Wearable "early warning systems" are in the pipeline—though this raises concerns about privacyby Will Mosseri-Marlio / April 14, 2016 / Leave a comment
The police are not renowned for their adoption of digital technology. Forces in England and Wales were recently found by Her Majesty’s Inspectorate of Constabulary to have “weak and ageing” IT capability. Given the growth in cybercrime—which includes extremism coordinated online—addressing this shortcoming is not just a nice gesture towards increasingly tech-savvy citizens; it is an absolute priority.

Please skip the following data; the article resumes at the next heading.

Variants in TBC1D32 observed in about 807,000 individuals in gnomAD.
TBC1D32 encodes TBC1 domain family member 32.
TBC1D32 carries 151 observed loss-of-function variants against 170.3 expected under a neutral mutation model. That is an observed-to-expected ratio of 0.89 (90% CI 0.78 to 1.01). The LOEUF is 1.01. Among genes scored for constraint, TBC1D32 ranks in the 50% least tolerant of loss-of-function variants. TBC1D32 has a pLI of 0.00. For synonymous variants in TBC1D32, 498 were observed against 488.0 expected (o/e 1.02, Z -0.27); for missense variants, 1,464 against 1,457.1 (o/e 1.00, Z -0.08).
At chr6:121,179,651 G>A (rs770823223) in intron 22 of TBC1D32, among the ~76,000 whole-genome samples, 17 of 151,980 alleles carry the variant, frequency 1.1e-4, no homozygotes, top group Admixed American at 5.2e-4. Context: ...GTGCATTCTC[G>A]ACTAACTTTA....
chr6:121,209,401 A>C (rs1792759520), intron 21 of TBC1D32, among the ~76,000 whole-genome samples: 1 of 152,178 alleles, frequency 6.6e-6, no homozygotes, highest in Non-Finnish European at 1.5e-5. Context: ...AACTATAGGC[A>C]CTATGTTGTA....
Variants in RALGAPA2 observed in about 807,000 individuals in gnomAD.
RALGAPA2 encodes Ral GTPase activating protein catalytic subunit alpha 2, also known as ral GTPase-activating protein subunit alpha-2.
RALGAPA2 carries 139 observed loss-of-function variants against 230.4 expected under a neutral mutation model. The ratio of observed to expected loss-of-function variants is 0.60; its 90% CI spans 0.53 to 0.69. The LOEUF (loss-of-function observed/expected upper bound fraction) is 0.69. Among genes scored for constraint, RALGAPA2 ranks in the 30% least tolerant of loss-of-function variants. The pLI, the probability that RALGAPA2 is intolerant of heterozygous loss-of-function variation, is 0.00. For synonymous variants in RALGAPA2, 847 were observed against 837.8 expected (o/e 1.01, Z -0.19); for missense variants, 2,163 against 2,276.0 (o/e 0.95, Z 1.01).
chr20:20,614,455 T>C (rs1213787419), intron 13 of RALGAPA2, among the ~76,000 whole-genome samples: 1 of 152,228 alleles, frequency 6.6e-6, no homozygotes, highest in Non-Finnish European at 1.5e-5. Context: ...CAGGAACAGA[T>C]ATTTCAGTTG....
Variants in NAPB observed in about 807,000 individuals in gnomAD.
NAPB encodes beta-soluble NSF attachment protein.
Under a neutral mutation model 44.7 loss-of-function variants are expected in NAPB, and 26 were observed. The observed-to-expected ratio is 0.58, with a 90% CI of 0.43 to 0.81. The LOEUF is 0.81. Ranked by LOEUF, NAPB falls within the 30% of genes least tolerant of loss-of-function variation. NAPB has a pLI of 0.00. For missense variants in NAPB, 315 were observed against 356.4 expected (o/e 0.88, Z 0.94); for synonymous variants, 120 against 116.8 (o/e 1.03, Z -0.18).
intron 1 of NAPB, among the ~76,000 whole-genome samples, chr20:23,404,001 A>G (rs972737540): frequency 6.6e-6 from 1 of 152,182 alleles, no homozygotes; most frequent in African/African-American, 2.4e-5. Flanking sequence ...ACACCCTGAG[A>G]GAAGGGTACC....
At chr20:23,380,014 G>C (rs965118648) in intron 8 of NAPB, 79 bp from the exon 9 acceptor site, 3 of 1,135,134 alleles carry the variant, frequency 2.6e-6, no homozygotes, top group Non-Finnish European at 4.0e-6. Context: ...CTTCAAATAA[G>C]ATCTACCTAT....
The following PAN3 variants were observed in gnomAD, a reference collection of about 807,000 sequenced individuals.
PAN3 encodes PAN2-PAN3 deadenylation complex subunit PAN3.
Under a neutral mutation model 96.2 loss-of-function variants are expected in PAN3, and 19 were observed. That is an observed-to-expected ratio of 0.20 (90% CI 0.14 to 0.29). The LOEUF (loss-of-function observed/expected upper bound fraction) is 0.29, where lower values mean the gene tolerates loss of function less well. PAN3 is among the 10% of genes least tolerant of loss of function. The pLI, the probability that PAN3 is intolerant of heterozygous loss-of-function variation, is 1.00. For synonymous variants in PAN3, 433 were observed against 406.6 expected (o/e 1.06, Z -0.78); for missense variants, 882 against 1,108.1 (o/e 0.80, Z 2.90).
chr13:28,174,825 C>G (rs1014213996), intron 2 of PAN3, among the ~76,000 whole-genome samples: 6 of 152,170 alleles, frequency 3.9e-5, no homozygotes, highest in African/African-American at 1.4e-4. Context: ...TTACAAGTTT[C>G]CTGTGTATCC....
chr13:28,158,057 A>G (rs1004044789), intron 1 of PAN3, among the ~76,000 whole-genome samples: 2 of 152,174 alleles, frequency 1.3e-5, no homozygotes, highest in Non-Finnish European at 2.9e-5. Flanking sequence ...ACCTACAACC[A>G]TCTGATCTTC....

A partnership between West Midlands Police (WMP) and Accenture, the management consultancy company, examined in a paper released by Reform today, offers some direction for those seeking to understand how digital innovations can secure better policing outcomes. Having faced the second largest funding fall of police forces in England and Wales under the Coalition Government, WMP realised they would not achieve their objectives for 2020 without redesigning their working methods. Shifting communications to online channels has already saved the force £5 million, while apps that allow officers to resolve tasks remotely will reduce the amount of time spent in transit. On their own, these initiatives sound small—but the plan is more than the sum of its parts. WMP’s 2020 model promises to deliver savings in each year of the parliament and deliver a better officer and citizen experience.